Wall Street edged lower on Thursday after data showed the U.S. economy grew less than expected in the first quarter and a number of companies pointed to rising costs, but the Nasdaq remained close to its 10-year high reached in the previous session.
The slowdown in the economy extended to a report showing new U.S. claims for unemployment benefits surprisingly rose last week to their highest level since January, but investors said they needed to see more data before calling an end to the rally.
Over the next week or so we will get a little bit better sense for whether recent data is something to be concerned about or just a temporary slowdown, said Michael Sheldon, chief market strategist at RDM Financial in Westport, Connecticut.
The Dow Jones industrial average <.DJI> fell 6.24 points, or 0.05 percent, at 12,684.72. The Standard & Poor's 500 Index <.SPX> lost 1.26 points, or 0.09 percent, at 1,354.40. The Nasdaq Composite Index <.IXIC> lost 3.68 points, or 0.13 percent, at 2,866.20.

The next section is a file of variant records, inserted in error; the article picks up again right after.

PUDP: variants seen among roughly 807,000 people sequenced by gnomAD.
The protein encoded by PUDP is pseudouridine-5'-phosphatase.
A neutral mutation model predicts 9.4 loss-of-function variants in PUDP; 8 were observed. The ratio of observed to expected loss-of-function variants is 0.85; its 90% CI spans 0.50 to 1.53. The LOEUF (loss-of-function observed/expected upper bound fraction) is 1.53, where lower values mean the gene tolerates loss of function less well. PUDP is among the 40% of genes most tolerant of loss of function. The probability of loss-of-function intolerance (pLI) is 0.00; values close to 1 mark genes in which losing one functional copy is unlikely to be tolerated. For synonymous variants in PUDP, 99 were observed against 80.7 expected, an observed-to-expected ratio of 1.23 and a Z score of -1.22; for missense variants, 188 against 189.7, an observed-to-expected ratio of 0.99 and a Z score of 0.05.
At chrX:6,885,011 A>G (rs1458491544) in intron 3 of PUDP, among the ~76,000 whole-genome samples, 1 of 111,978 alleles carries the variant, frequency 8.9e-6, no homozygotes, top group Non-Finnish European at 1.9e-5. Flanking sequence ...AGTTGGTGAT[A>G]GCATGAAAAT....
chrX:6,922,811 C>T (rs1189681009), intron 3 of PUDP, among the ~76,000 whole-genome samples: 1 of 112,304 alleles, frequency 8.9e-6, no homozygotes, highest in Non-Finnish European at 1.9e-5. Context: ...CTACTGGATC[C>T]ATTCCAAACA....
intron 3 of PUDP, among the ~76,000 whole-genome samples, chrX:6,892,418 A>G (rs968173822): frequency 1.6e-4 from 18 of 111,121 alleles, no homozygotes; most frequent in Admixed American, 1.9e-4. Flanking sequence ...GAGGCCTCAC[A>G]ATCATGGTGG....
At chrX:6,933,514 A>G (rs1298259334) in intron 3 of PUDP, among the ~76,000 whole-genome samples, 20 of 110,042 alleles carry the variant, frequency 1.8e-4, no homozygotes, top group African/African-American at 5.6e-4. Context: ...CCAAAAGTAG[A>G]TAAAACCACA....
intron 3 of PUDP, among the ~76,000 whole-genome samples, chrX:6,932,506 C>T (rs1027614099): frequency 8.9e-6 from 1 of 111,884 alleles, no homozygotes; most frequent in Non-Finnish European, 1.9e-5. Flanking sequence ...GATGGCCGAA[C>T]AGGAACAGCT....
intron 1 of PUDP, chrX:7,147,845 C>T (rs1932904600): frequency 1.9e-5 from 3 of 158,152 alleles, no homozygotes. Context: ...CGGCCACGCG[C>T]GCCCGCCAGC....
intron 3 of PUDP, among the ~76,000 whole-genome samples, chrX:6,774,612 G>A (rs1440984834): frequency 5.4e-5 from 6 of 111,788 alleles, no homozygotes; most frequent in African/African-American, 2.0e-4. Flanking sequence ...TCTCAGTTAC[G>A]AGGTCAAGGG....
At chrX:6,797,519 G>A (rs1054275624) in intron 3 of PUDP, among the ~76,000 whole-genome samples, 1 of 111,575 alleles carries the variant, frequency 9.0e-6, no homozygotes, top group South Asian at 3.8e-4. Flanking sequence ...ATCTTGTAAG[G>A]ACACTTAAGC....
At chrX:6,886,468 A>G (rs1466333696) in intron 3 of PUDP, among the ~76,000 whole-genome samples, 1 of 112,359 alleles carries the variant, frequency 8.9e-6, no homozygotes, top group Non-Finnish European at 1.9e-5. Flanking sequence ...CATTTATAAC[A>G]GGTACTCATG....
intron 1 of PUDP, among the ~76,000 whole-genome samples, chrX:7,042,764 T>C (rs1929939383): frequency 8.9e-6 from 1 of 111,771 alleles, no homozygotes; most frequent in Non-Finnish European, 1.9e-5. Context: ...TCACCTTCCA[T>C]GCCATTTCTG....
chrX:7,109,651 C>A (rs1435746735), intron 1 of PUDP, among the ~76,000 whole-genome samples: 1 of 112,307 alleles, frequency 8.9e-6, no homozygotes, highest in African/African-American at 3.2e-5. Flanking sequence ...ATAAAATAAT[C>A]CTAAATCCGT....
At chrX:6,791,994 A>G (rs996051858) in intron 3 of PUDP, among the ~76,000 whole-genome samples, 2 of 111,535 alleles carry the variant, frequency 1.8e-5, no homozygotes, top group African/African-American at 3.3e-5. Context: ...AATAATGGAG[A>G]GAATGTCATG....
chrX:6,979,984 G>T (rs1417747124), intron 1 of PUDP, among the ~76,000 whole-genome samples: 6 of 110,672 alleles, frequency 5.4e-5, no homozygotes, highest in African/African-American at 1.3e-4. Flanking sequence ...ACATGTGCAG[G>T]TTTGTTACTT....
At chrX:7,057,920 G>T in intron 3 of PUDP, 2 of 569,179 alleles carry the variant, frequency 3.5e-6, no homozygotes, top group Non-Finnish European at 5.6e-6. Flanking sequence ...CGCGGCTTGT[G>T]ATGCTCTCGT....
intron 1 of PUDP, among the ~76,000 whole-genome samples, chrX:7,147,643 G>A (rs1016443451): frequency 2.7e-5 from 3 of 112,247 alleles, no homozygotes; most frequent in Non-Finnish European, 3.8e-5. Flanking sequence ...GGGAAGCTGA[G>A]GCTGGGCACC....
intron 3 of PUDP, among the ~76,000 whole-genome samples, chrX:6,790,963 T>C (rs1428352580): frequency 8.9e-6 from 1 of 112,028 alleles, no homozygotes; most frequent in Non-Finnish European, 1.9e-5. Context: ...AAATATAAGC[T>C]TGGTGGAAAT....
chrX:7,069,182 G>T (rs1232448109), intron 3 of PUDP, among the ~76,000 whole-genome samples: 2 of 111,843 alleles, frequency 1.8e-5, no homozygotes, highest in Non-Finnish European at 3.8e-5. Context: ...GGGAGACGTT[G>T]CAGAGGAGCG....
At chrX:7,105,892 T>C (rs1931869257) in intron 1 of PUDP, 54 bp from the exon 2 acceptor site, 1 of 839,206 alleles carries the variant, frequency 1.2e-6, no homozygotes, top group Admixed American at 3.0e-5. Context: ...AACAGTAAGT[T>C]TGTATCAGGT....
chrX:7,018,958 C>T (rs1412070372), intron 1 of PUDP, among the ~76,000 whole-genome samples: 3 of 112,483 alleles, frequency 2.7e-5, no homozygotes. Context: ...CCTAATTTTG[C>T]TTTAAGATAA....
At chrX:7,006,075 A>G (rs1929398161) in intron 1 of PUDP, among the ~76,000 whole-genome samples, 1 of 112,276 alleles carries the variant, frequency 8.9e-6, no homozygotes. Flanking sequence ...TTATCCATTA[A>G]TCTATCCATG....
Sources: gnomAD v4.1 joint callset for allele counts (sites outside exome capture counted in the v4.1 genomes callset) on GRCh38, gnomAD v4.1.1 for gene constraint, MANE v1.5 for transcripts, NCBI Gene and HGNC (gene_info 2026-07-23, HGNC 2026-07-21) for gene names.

U.S. economic growth slowed more than forecast in the first three months of the year as higher food and gasoline prices dampened consumer spending and sent a broad measure of inflation rising at its fastest pace in 2-1/2 years. Growth was 1.8 percent compared to a Reuters consensus estimate of 2 percent.
In Wednesday's session the Nasdaq hit a 10-year high on the prospect of continued low interest rates and liquidity until the end of June, after Federal Reserve Chairman Ben Bernanke's first-ever news conference.
Earnings season has been strong but there were signs of creeping costs from some companies. Procter & Gamble Co lowered the high end of its profit forecast as it trimmed expenses and increased prices to offset rising materials costs. Its shares fell 0.8 percent to $63.54.
Rising costs were also in evidence at Starbucks Corp . The company warned on Wednesday that costs will take a bigger chunk out of earnings than previously anticipated, and its full-year forecast disappointed Wall Street. The shares fell 1 percent to $36.82.
(Editing by Padraic Cassidy)